My high school orchestra director, Mrs. Wilcox, gave me a memorable musical phrase some 30 years ago. Trying to show one of the students in our group how to fearlessly bring out her part, she loudly sang the notes: “Yes! I am here; I have arrived!”
Mrs. Wilcox’s willingness to be goofy, along with the words and music of that moment, has stuck with me all these years. The sentiment, of “having arrived,” though, while we are still living here on earth, runs in stark contrast to growth in the spiritual life.
We have wonderful moments of “arrival” in our faith: encounters with the living God through the sacraments, holy people, moving concepts, times of conversion.
However, it can be tempting to think that these moments of arrival mean “having arrived.”
Maybe we’re in a place where everything feels repetitive, or when we’ve kept steady in keeping the precepts of the faith while surrounded by others who seem disinterested; it can seem like there’s nothing more to learn.
It can also feel like we’ve arrived when God first opens a new door in our faith: maybe we’ve encountered a winning personality that explains the faith really well, we’ve felt more alive in our faith through an event, group, or movement, or we’ve had a strong moment of conversion.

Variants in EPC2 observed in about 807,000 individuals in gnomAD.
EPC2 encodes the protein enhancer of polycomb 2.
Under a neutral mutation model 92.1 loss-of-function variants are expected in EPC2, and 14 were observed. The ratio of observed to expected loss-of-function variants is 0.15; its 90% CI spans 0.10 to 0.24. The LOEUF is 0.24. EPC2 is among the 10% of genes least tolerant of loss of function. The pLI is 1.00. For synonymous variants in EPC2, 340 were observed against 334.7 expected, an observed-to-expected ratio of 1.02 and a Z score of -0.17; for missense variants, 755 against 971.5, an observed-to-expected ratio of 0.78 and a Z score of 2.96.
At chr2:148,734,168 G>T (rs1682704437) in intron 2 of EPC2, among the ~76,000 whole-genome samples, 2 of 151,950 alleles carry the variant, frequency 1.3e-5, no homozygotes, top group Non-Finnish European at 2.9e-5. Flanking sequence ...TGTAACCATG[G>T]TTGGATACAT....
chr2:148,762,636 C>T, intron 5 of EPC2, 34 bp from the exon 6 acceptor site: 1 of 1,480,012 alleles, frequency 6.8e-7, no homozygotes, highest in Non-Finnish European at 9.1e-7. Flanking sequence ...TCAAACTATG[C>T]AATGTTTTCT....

Or, maybe we have just surrounded ourselves with friends and family who reinforce and seldom challenge our approach to the faith, bolstering our confidence and pride that we have arrived in understanding how to practice the faith.
I like how Charles Peguy, in his work The Portal of the Mystery of Hope, says:
. . . what matters
Is not to go here or there, is not to go someplace
To arrive someplace
Some earthly place. What matters is to go, always to go, and (on the contrary)
not to arrive.
As we learn and grow and practice our faith, Jesus can lead us to see, “Yes! I am here,” but we will wait until he says, hopefully one day, “You have arrived.”